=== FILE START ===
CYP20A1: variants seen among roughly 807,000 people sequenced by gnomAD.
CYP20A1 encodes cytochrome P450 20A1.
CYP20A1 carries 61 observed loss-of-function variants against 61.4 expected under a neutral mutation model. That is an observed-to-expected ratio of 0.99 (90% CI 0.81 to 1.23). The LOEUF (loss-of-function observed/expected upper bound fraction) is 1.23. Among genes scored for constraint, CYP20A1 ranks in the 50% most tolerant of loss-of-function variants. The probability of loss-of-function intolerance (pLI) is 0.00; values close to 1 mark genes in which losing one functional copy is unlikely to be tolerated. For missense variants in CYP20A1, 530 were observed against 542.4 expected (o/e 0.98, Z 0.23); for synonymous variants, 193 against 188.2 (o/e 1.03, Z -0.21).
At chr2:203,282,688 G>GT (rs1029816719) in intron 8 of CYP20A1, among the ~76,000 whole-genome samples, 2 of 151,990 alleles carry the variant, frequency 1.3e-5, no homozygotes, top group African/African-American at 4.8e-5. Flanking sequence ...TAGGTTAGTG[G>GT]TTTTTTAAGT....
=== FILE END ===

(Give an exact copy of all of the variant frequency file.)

CYP20A1: variants seen among roughly 807,000 people sequenced by gnomAD.
CYP20A1 encodes cytochrome P450 20A1.
CYP20A1 carries 61 observed loss-of-function variants against 61.4 expected under a neutral mutation model. That is an observed-to-expected ratio of 0.99 (90% CI 0.81 to 1.23). The LOEUF (loss-of-function observed/expected upper bound fraction) is 1.23. Among genes scored for constraint, CYP20A1 ranks in the 50% most tolerant of loss-of-function variants. The probability of loss-of-function intolerance (pLI) is 0.00; values close to 1 mark genes in which losing one functional copy is unlikely to be tolerated. For missense variants in CYP20A1, 530 were observed against 542.4 expected (o/e 0.98, Z 0.23); for synonymous variants, 193 against 188.2 (o/e 1.03, Z -0.21).
At chr2:203,282,688 G>GT (rs1029816719) in intron 8 of CYP20A1, among the ~76,000 whole-genome samples, 2 of 151,990 alleles carry the variant, frequency 1.3e-5, no homozygotes, top group African/African-American at 4.8e-5. Flanking sequence ...TAGGTTAGTG[G>GT]TTTTTTAAGT....